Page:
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Department of Ecology and Evolutionary Biology, Cornell University, Ithaca, NY 14853, USA
Department of Animal Science, Cornell University, Ithaca, NY 14853, USA
Cornell Statistical Consulting Unit, Cornell University, Ithaca, NY 14853, USA
Author to whom correspondence should be addressed.
Animals 2020, 10(9), 1702; https://doi.org/10.3390/ani10091702 (registering DOI)
Received: 18 August 2020 / Revised: 13 September 2020 / Accepted: 17 September 2020 / Published: 20 September 2020
Some domestic dogs guard resources and display behaviors such as growling, snarling, or biting when approached. Most animal shelters test for food-related aggression and some consider dogs assessed as food aggressive to be unadoptable and candidates for euthanasia. We surveyed adopters of 139 dogs assessed as either resource guarding (n = 20) or non-resource guarding (n = 119) at a New York (NY) shelter to determine whether shelter identification as food aggressive was associated with guarding in adoptive homes. We also examined whether description of resource guarding in owner reports completed when surrendering a dog to the shelter predicted guarding in adoptive homes. Statistically, shelter assessment as resource guarding and owner-supplied information indicating resource guarding were each associated with guarding in adoptive homes. However, more than half of dogs either assessed by shelter staff or described by surrendering owners as resource guarding did not guard in adoptive homes. Our data indicate that information from surrendering owners, while potentially helpful, is not always predictive of a dog’s behavior in an adoptive home, and most importantly, that shelters should not consider all dogs assessed as resource guarding to be unadoptable because many of these dogs do not display guarding behavior post adoption.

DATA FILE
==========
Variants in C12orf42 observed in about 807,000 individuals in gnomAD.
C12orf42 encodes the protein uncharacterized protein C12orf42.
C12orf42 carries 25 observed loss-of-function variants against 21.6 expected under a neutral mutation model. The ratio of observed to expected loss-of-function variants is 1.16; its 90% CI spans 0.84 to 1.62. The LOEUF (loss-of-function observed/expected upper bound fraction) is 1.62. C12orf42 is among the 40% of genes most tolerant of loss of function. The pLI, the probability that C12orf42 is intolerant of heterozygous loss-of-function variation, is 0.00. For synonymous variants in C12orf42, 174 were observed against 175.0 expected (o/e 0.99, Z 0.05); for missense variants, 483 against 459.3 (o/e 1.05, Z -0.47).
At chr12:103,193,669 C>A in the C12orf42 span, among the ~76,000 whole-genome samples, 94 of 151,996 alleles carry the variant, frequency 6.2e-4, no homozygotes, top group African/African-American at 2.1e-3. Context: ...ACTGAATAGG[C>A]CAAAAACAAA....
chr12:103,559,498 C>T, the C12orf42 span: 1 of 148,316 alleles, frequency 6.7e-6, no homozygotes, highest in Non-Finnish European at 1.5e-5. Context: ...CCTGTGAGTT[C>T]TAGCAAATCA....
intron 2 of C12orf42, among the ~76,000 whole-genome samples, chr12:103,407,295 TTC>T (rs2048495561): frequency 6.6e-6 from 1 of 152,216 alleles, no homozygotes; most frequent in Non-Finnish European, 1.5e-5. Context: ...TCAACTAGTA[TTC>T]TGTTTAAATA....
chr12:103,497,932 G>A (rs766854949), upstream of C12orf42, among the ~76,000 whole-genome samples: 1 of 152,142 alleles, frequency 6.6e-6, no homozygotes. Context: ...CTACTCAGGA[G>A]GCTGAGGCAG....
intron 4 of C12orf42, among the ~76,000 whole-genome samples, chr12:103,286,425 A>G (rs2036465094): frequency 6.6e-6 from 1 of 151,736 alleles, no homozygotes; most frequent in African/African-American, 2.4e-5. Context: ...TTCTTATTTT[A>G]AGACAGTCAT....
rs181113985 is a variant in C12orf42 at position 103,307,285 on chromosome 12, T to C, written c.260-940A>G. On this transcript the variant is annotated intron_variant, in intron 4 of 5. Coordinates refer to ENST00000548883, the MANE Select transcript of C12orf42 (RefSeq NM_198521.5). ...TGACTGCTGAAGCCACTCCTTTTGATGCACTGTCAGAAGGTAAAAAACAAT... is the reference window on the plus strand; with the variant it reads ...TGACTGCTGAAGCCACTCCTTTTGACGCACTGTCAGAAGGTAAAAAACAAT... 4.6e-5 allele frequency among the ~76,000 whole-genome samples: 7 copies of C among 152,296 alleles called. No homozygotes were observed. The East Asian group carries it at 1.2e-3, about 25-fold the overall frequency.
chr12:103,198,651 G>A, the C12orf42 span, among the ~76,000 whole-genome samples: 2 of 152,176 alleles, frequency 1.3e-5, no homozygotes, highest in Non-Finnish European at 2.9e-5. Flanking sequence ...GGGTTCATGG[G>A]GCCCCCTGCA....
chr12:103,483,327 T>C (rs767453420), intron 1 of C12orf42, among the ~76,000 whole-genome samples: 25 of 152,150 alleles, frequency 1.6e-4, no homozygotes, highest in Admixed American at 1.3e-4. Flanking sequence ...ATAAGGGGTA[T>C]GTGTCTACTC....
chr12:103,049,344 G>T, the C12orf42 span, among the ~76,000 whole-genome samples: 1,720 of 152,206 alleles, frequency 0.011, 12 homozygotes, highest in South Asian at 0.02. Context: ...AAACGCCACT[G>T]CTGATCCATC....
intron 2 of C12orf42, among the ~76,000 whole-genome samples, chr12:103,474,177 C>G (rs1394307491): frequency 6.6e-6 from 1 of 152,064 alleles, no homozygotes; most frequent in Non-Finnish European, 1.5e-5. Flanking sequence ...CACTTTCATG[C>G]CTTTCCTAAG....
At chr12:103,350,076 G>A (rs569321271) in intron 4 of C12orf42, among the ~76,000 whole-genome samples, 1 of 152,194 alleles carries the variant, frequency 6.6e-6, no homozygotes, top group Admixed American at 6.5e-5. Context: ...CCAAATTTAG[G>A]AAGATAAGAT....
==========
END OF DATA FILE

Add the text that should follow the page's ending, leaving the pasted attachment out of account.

Some shelters in the United States consider dogs identified as food aggressive during behavioral evaluations to be unadoptable. We surveyed adopters of dogs from a New York shelter to examine predictive abilities of shelter behavioral evaluations and owner surrender profiles. Twenty of 139 dogs (14.4%) were assessed as resource guarding in the shelter. We found statistically significant associations between shelter assessment as resource guarding and guarding reported in the adoptive home for three situations: taking away toys, bones or other valued objects; taking away food; and retrieving items or food taken by the dog. Similarly, owner descriptions of resource guarding on surrender profiles significantly predicted guarding in adoptive homes. However, positive predictive values for all analyses were low, and more than half of dogs assessed as resource guarding either in the shelter or by surrendering owners did not show guarding post adoption. All three sources of information regarding resource guarding status (surrender profile, shelter behavioral evaluation, and adopter report) were available for 44 dogs; measures of agreement were in the fair range. Thus, reports of resource guarding by surrendering owners and detection of guarding during shelter behavioral evaluations should be interpreted with caution because neither source of information consistently signaled guarding would occur in adoptive homes.